Discover more from The Lund Loop
9 Reasons Why We May Have Seen The Market Bottom This Week
For the past month or so, I’ve been telling you that the market feels like it’s in the process of bottoming.
Trying at least.
When money is on the line we do our best to filter out emotions, gut instincts, and feelings, but not unlike recessions, market bottoms can only be confirmed after the fact, not in real time.
Yet, those of us whose calendars are brimming over with soirées, tête-à-têtes, elegant salon discussions, and shithoused shit-talking at local dive bars are obliged to weigh in on the topic, lest we be supplanted by some up and coming market savant or savantess.
So let’s do this.
Here are my top 9 reasons that the stock market may have bottomed.
Bear markets occur when stocks go down. They end when stocks go back up. However, before they do, they have to stop going down. That’s what happened in June - stocks stopped going down. That’s when the 52-week lows list peaked, or bottomed, depending on your viewpoint. And now a lot of them are starting to go back up.
But not all of them. And that’s okay. The market is a forward-discounting mechanism. Right now it’s trying to determine which stocks will be higher in 18 to 24 months. It’s a tricky business. Messy actually. With lots of stops and starts. But for the first time in a long time, instead of seeing everything go down, we’re seeing the type of bifurcation that is the hallmark of the bottoming process.
Cramer cried on live TV.
The VIX is starting to act normal again. For much of this year, the price action in the VIX defied traditional logic, alternatively diverging and hibernating in the face of price action that should have sent it towards a different outcome. Cries of “The VIX is broken” echoed throughout the land, a statement to which I plead guilty. All is right with the world, for the time being at least, as the VIX is currently moving down when the market moves up.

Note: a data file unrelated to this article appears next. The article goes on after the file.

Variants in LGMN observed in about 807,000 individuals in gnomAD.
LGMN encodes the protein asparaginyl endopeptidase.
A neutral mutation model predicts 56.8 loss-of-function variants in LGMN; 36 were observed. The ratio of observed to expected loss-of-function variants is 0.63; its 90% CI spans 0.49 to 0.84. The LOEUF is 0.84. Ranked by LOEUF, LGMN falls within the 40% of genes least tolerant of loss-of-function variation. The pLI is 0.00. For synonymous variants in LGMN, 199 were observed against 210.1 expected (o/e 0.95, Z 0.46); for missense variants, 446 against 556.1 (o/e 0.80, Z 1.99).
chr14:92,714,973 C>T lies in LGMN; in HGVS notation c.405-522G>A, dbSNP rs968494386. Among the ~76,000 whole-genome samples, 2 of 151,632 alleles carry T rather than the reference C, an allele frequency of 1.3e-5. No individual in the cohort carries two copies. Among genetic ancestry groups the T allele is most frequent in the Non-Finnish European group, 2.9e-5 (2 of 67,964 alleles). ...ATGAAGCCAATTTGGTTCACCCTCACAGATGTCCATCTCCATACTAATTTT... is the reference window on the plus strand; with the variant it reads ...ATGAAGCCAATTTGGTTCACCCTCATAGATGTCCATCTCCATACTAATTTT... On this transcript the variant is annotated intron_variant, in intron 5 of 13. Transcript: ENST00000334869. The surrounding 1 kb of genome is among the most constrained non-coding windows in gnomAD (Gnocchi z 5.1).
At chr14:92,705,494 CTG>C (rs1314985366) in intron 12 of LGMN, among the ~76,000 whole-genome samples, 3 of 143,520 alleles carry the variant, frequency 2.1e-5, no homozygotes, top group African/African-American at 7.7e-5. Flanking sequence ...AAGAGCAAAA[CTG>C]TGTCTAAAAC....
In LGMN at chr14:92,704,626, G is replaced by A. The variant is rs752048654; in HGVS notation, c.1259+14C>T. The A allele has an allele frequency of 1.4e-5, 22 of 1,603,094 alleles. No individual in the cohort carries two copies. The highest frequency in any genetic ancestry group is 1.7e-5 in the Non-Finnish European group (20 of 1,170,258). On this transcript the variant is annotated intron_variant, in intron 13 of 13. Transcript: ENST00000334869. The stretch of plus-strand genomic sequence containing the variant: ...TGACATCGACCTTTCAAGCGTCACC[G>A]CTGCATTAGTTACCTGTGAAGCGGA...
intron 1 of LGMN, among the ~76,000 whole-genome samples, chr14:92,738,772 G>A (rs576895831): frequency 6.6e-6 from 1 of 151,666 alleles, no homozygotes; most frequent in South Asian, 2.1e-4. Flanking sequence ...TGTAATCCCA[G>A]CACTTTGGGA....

Despite being barely two years removed from the fastest bear market resolution in history, the fact is, bear markets resolved incrementally. First, they recapture the 8EMA, then the 21EMA. Along the way, they break through former support, now resistance levels, lay waste to pivot points, and end up on the north side of the 50, 100, and 200EMAs.
Currently, all four of the main indexes/ETFs are above their respective 8 and 21EMAs, but the DJIA is the golden god of the group, having slayed all the technical dragons, and now sitting comfortably above the all-important 200EMA.
Next up is the IWM, the broadest index I track, which just this week pulled off a hat trick, breaking above resistance, two pivot points, and the 100EMA.
Everybody’s favorite benchmark is up next, and it ain’t no slouch, delivering a respectable, though slightly less impressive trifecta of its own this week, taking back a resistance level, a pivot point, and the 50EMA.
Lastly, we have the laggard of the bunch, which takes us to reason number six.
Yes, the Nasdaq - via QQQ proxy - is underperforming in one sense, but in another, especially given the week we just had, it’s hanging in there like a champ. Disappointing earnings from META, GOOGL, and AMZN couldn’t take the Naz below last week’s pivot low, let alone the major low on October 13th. Then as it is wont to do, AAPL came in and saved the day, rocketing 7.5% after earnings, the biggest one-day jump since 2020.
Cramer cried on live TV like the infotainment clown he is and always has been.
Not only are key financial stocks holding their recent gains, but they’re also breaking downtrends and reclaiming 200EMAs in the process. It’s hard for the market to go lower when financials are rallying. True, these are still considered countertrend rallies in a bear market, but if we decisively clear and hold the mid-August highs, it’s game fucking on.
Did I mention that Cramer cried on live TV?
P.S. It should go without saying - but I’ll say it anyway - all opinions expressed in The Lund Loop are my own personal opinions and don’t reflect the views of my employer, any associated entities, or other organizations I’m associated with.
Nothing written, expressed, or implied here should be looked at as investment advice or an admonition to buy, sell, or trade any security or financial instrument. As always, do your own diligence.